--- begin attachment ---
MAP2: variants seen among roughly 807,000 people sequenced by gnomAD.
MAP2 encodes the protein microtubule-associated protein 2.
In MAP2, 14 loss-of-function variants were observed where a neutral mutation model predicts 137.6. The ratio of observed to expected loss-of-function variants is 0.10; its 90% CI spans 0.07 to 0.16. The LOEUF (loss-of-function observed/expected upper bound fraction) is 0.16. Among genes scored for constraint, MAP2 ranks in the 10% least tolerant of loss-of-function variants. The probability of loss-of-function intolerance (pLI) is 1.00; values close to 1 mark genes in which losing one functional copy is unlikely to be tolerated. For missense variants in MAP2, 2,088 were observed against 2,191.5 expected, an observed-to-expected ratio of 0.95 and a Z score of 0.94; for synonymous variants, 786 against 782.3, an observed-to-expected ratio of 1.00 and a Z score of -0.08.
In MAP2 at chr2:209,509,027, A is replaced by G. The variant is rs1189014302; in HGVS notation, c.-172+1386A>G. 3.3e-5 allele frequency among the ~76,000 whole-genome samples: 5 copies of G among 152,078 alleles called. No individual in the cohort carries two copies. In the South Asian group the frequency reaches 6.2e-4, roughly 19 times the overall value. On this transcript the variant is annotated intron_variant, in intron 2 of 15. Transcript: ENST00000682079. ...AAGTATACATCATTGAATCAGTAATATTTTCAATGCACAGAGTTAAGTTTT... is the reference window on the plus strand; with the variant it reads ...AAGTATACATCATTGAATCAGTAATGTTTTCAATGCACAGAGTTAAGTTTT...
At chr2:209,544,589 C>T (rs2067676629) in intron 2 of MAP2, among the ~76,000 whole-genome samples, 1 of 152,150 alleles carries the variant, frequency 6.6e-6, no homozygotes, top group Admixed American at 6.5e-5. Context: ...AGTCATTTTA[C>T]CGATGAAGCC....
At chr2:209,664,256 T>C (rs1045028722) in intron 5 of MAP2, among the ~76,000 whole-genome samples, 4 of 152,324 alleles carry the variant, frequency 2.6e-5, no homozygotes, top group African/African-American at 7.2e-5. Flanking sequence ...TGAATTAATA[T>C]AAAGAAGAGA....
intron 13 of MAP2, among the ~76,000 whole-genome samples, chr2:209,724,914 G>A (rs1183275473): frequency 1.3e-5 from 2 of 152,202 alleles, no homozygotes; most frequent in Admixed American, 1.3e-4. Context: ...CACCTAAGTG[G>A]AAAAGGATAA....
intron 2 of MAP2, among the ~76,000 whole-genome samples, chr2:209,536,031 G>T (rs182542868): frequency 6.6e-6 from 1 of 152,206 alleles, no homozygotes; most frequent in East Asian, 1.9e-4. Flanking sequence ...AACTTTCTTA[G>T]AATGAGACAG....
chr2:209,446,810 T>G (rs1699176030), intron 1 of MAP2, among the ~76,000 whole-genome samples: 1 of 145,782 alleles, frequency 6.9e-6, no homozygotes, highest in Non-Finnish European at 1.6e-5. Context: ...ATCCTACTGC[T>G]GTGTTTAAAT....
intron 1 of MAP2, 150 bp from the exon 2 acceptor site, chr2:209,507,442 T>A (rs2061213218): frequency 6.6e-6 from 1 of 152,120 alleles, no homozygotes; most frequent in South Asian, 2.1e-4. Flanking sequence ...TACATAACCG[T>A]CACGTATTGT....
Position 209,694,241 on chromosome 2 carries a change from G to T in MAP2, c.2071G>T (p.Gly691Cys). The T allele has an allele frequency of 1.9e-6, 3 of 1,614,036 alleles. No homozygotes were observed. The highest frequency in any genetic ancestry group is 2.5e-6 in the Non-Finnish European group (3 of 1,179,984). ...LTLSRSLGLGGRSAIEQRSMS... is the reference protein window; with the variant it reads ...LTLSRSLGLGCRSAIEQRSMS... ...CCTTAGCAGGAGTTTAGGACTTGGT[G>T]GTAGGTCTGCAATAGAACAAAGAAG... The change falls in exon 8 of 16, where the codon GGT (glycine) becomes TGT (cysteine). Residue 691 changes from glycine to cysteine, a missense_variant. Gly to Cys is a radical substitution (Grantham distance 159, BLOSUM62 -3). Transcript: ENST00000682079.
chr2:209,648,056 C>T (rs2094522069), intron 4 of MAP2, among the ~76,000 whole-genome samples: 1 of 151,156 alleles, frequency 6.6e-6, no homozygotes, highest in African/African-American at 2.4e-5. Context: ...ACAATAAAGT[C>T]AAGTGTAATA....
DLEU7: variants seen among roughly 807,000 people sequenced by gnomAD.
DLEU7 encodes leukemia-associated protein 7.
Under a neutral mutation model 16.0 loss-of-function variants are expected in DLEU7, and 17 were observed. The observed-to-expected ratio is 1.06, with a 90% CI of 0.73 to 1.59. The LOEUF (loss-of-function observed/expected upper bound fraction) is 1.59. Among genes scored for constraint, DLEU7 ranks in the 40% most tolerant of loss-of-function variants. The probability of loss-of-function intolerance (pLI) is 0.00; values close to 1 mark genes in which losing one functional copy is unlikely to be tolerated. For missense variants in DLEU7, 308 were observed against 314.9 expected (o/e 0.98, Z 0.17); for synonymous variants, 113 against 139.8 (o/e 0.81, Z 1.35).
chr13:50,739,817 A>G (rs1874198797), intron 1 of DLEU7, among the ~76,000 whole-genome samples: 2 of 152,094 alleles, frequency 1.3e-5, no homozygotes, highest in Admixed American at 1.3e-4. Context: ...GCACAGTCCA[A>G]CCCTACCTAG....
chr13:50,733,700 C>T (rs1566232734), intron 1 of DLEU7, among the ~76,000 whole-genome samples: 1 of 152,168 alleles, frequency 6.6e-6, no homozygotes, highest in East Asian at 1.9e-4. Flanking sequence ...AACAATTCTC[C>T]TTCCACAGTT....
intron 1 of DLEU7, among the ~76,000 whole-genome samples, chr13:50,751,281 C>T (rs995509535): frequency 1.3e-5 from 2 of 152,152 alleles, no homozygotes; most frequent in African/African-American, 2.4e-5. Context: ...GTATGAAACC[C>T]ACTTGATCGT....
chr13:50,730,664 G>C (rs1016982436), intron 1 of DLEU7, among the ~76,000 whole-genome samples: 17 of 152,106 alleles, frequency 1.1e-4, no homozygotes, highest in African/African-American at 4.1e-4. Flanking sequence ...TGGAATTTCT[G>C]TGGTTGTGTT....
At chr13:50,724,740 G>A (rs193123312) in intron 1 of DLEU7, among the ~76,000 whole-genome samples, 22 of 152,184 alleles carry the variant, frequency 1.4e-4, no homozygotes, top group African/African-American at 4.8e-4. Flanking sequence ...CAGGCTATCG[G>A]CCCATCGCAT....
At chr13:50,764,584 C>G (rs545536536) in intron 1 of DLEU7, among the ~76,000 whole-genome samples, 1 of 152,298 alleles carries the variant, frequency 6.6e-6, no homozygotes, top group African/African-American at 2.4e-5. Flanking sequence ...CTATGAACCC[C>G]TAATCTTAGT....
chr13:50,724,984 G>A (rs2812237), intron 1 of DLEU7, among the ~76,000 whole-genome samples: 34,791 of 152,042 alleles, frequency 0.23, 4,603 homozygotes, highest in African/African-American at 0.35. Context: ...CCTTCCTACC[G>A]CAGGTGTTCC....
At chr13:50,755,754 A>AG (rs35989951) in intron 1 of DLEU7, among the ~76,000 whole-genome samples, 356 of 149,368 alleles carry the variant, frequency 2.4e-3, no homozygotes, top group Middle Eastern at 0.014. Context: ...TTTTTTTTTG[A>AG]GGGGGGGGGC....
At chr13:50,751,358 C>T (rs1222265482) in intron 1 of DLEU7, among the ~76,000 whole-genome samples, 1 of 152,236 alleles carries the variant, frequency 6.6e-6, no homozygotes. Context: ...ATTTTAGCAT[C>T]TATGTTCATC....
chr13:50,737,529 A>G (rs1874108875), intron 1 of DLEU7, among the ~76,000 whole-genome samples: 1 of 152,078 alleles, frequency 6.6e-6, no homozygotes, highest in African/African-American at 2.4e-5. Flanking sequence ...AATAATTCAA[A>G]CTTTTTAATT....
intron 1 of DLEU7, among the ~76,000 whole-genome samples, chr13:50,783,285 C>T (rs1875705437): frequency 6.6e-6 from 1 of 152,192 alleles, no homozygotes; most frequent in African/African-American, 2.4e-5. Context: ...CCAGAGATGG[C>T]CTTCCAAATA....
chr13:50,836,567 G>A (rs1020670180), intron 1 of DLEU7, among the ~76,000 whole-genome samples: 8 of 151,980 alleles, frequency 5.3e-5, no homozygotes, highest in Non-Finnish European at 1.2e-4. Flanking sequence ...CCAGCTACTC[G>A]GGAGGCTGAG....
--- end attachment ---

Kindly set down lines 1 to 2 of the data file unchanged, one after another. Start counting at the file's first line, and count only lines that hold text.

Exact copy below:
MAP2: variants seen among roughly 807,000 people sequenced by gnomAD.
MAP2 encodes the protein microtubule-associated protein 2.